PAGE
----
Labour climate campaigners have accused the party leadership of a “stitch-up” after their motion on a Green New Deal was blocked from debate at this month’s annual conference.
The motion, submitted by 21 constituency parties and backed by the left-leaning Momentum movement, was rejected by the conference arrangements committee days ahead of the Brighton gathering, when Keir Starmer is expected to clash with supporters of his predecessor Jeremy Corbyn.
Corbyn’s former shadow chancellor John McDonnell told The Independent that the move would “demobilise and demotivate a large section of our membership”, particularly among younger voters, at a time when the party roll has been shrinking.
But party sources insisted the Green New Deal remains a Labour commitment. With many motions submitted by members and affiliates, the issue will be on the priorities ballot when the final subjects for debate at conference are decided.
Labour for a Green New Deal blamed party staff for keeping the Green Jobs Revolution motion off the agenda, while other less radical proposals were allowed to go through.
Momentum co-chairs Gaya Sriskanthan and Andrew Scattergood said there was no doubt that responsibility lay with Starmer and his new general secretary David Evans, and called for a demonstration in protest on the first day of the conference on 25 September.
It is understood that the Labour for a Green New Deal motion was opposed on the grounds that it was too wide-ranging, as it took in commitments from Corbyn’s 2019 manifesto including the nationalisation of key industries like energy and rail as well as the creation of a National Care Service and free broadband.
LGND co-founder Chris Saltmarsh said: “By interfering to block this motion, the CAC and party staff have stifled the will of members.
“It makes a mockery of party democracy and further exacerbates unnecessary division between the leadership and the Labour membership. It also sends entirely the wrong message to voters: that Keir Starmer’s Labour is uninterested in the bold solutions we need to tackle the climate crisis.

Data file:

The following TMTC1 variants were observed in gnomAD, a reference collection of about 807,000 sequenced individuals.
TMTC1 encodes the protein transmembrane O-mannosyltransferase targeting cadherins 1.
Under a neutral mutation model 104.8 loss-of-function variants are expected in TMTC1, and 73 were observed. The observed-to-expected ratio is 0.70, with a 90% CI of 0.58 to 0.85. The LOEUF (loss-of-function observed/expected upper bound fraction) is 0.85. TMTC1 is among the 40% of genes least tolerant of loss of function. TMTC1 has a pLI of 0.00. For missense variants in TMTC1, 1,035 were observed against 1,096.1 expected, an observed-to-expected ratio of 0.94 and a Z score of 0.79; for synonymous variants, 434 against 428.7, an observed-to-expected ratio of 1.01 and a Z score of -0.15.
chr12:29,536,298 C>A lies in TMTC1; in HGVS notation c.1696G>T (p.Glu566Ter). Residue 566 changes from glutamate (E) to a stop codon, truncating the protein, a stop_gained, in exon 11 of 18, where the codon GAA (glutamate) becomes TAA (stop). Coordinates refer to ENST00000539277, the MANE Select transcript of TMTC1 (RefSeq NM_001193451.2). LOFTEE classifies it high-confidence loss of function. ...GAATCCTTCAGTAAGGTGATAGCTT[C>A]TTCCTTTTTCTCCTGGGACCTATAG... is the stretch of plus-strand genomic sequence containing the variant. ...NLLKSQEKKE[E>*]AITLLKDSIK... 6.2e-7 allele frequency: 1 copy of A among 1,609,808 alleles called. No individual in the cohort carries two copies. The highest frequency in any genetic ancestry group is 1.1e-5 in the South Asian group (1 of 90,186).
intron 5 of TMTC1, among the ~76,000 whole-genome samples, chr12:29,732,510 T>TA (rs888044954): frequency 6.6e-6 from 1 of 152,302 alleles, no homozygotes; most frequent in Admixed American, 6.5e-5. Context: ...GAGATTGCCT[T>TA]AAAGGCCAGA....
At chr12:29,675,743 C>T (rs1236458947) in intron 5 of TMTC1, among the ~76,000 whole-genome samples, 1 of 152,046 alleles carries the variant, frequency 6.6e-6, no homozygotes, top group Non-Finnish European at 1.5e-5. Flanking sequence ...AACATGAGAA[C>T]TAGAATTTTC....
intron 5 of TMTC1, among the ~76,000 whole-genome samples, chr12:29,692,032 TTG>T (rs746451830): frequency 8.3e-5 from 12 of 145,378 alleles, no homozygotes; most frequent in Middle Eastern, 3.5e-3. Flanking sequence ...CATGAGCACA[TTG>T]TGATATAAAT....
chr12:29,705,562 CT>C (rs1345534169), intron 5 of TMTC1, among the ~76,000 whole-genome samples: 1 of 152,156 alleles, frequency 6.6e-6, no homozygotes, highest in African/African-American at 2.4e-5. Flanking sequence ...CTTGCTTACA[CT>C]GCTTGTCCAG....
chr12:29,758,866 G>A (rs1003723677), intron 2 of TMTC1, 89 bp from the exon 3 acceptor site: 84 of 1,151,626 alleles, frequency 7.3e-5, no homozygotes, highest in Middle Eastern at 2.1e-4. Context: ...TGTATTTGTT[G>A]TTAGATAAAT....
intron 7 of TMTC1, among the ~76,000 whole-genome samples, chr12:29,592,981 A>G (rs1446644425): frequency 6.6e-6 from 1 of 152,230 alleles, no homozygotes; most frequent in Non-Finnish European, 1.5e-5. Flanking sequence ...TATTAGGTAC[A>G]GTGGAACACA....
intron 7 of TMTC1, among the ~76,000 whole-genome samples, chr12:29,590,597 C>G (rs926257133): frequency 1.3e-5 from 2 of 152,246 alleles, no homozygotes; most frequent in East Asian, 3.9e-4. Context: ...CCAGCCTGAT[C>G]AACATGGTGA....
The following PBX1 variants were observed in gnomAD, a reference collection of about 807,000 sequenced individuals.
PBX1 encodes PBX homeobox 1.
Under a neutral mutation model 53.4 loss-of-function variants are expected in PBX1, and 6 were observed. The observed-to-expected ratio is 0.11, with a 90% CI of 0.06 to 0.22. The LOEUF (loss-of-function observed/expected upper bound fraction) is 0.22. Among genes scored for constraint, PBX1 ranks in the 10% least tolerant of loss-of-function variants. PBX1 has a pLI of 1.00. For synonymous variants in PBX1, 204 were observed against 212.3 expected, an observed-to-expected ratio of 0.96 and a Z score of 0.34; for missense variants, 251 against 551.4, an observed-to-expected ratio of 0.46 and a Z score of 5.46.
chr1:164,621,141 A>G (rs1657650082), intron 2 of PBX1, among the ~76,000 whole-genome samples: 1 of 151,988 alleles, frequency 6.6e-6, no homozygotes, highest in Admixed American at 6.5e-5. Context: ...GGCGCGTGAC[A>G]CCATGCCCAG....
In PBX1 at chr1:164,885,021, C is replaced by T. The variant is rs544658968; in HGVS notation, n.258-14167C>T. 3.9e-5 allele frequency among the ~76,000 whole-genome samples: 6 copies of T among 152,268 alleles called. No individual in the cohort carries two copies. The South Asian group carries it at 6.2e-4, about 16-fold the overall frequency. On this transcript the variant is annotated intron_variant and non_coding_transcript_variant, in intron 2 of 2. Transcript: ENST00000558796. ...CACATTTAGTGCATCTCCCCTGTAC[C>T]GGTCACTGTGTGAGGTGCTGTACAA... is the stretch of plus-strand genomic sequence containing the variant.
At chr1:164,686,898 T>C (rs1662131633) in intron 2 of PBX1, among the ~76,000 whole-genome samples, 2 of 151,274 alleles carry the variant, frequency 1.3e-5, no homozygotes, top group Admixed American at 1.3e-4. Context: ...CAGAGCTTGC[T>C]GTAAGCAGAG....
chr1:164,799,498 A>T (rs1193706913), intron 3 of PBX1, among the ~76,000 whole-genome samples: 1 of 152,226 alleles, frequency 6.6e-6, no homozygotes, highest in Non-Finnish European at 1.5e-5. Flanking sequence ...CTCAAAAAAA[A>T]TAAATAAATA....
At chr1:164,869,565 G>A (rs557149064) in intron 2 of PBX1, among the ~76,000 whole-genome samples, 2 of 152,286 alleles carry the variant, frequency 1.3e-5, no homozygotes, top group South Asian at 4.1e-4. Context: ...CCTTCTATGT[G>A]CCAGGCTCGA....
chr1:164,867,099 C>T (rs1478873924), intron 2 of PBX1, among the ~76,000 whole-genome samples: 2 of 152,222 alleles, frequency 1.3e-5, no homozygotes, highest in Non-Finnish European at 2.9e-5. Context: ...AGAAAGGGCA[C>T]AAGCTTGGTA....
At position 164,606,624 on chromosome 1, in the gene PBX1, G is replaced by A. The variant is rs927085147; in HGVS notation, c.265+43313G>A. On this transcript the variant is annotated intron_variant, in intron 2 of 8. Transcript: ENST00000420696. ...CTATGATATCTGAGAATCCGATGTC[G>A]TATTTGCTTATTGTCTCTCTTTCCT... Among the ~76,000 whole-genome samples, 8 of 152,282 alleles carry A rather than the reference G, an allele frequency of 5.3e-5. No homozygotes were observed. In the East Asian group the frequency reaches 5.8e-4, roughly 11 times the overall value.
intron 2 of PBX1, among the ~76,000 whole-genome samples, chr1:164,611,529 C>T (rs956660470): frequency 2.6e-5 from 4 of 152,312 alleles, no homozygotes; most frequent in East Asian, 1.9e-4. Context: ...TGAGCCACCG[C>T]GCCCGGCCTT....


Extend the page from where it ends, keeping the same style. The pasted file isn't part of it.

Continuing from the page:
“This anti-democratic decision must be overturned now.”
In a joint statement, Ms Sriskanthan and Mr Scattergood denounced the decision as “a disgraceful rejection of our responsibility to each other, to younger generations and to the rest of the world”.
“Tackling climate change requires systematic transformation, and our policies in this area cannot be siloed into isolated, ineffective parts,” they said.
“There can be no doubt this was a stitch-up to keep progressive policy off the agenda.
“While the right had a majority at today’s meeting of the committee, the recommendation to remove the Green New Deal motion came directly from Labour Party staff.
“Responsibility lies with David Evans and with Keir Starmer, who pledged in his leadership election campaign to put the Green New Deal at the heart of everything we do.
“It is now well known in the Labour Party that the pledges Starmer stood on are worthless, and it will soon be known to an entire generation of people who are looking to political leaders to stand up and take action against climate change. Without the support of these people, Labour will never again get into government.”
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